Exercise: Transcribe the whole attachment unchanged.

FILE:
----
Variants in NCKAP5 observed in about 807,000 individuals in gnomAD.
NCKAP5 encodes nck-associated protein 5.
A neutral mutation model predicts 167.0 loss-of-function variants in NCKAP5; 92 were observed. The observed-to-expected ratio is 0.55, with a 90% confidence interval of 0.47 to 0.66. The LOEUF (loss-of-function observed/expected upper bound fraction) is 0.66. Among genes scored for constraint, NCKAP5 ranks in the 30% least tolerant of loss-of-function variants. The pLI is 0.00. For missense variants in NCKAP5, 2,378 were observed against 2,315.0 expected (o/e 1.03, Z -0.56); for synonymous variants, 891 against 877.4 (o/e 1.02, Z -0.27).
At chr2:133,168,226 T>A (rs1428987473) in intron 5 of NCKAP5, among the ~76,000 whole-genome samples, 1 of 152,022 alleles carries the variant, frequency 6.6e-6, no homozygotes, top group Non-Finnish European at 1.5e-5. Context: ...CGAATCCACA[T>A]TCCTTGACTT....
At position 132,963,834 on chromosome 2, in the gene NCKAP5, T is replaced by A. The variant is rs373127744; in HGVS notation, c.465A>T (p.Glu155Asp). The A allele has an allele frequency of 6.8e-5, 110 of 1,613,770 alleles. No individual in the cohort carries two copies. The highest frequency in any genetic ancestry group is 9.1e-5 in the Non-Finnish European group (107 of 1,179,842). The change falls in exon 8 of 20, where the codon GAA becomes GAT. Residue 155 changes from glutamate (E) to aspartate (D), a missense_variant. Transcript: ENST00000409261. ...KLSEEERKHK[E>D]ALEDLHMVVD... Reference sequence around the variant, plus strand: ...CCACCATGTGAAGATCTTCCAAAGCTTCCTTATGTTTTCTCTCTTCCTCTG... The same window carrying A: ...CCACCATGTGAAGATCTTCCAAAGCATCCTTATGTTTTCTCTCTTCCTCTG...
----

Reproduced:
Variants in NCKAP5 observed in about 807,000 individuals in gnomAD.
NCKAP5 encodes nck-associated protein 5.
A neutral mutation model predicts 167.0 loss-of-function variants in NCKAP5; 92 were observed. The observed-to-expected ratio is 0.55, with a 90% confidence interval of 0.47 to 0.66. The LOEUF (loss-of-function observed/expected upper bound fraction) is 0.66. Among genes scored for constraint, NCKAP5 ranks in the 30% least tolerant of loss-of-function variants. The pLI is 0.00. For missense variants in NCKAP5, 2,378 were observed against 2,315.0 expected (o/e 1.03, Z -0.56); for synonymous variants, 891 against 877.4 (o/e 1.02, Z -0.27).
At chr2:133,168,226 T>A (rs1428987473) in intron 5 of NCKAP5, among the ~76,000 whole-genome samples, 1 of 152,022 alleles carries the variant, frequency 6.6e-6, no homozygotes, top group Non-Finnish European at 1.5e-5. Context: ...CGAATCCACA[T>A]TCCTTGACTT....
At position 132,963,834 on chromosome 2, in the gene NCKAP5, T is replaced by A. The variant is rs373127744; in HGVS notation, c.465A>T (p.Glu155Asp). The A allele has an allele frequency of 6.8e-5, 110 of 1,613,770 alleles. No individual in the cohort carries two copies. The highest frequency in any genetic ancestry group is 9.1e-5 in the Non-Finnish European group (107 of 1,179,842). The change falls in exon 8 of 20, where the codon GAA becomes GAT. Residue 155 changes from glutamate (E) to aspartate (D), a missense_variant. Transcript: ENST00000409261. ...KLSEEERKHK[E>D]ALEDLHMVVD... Reference sequence around the variant, plus strand: ...CCACCATGTGAAGATCTTCCAAAGCTTCCTTATGTTTTCTCTCTTCCTCTG... The same window carrying A: ...CCACCATGTGAAGATCTTCCAAAGCATCCTTATGTTTTCTCTCTTCCTCTG...